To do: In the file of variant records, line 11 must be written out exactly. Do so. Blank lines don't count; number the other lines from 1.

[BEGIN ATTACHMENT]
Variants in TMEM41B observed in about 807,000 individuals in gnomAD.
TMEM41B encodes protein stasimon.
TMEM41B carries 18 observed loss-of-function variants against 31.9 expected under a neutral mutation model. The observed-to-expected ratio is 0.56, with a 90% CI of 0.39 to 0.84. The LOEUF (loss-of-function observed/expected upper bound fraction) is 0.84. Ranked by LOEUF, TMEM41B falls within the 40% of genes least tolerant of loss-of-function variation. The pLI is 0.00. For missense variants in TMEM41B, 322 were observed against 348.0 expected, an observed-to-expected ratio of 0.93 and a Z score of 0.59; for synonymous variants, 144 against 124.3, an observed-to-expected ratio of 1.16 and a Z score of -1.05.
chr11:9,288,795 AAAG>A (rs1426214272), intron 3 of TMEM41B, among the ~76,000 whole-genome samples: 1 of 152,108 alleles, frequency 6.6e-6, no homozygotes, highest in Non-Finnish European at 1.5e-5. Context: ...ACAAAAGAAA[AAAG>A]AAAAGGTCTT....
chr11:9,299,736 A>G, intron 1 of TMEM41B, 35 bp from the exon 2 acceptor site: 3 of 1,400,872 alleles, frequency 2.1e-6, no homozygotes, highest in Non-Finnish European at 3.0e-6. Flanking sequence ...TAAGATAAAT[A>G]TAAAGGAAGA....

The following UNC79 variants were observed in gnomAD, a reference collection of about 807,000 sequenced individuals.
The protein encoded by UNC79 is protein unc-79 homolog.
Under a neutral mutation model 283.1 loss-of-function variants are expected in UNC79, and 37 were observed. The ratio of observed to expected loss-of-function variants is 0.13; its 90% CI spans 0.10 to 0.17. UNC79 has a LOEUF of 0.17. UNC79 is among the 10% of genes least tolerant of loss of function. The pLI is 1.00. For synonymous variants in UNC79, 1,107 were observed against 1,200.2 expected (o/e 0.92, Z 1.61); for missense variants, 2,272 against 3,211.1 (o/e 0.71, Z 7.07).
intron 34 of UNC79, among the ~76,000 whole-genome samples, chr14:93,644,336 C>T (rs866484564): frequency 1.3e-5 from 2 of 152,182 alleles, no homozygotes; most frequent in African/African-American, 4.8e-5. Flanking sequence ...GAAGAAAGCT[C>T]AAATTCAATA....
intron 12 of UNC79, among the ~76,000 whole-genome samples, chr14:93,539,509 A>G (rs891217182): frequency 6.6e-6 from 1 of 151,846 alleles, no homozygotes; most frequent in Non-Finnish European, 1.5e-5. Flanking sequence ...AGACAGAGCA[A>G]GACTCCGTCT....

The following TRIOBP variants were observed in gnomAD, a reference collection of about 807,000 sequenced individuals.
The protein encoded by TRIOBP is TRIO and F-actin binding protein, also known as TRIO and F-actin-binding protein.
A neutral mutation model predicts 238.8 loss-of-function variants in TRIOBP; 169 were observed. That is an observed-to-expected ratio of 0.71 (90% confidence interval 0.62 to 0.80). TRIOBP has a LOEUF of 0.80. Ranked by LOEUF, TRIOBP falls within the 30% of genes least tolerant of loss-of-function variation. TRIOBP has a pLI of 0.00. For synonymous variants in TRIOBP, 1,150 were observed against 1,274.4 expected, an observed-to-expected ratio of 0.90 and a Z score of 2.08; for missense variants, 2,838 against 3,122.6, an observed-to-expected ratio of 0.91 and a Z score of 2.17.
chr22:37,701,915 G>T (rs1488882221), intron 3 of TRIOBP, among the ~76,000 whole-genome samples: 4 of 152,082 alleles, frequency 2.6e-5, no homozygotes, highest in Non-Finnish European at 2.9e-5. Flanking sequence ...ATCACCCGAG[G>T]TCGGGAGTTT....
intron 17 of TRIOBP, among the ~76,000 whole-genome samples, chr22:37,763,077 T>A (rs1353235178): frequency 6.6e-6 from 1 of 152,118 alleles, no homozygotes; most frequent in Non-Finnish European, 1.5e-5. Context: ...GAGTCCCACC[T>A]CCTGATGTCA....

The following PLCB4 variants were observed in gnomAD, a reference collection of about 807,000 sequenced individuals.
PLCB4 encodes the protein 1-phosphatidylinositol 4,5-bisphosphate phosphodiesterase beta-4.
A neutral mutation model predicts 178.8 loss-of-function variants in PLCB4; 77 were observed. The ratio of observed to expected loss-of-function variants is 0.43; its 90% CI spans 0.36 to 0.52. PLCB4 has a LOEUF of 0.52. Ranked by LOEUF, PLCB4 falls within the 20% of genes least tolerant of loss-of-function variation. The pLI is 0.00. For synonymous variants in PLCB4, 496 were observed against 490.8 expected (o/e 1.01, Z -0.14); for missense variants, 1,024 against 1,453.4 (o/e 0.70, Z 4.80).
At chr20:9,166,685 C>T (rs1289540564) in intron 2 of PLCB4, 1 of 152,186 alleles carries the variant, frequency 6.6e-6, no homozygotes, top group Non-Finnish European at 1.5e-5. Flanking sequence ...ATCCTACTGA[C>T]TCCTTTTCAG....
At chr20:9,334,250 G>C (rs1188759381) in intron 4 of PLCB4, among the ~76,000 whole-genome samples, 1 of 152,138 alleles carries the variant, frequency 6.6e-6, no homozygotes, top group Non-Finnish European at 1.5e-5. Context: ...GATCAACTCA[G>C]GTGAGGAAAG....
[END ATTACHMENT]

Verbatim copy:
The following TRIOBP variants were observed in gnomAD, a reference collection of about 807,000 sequenced individuals.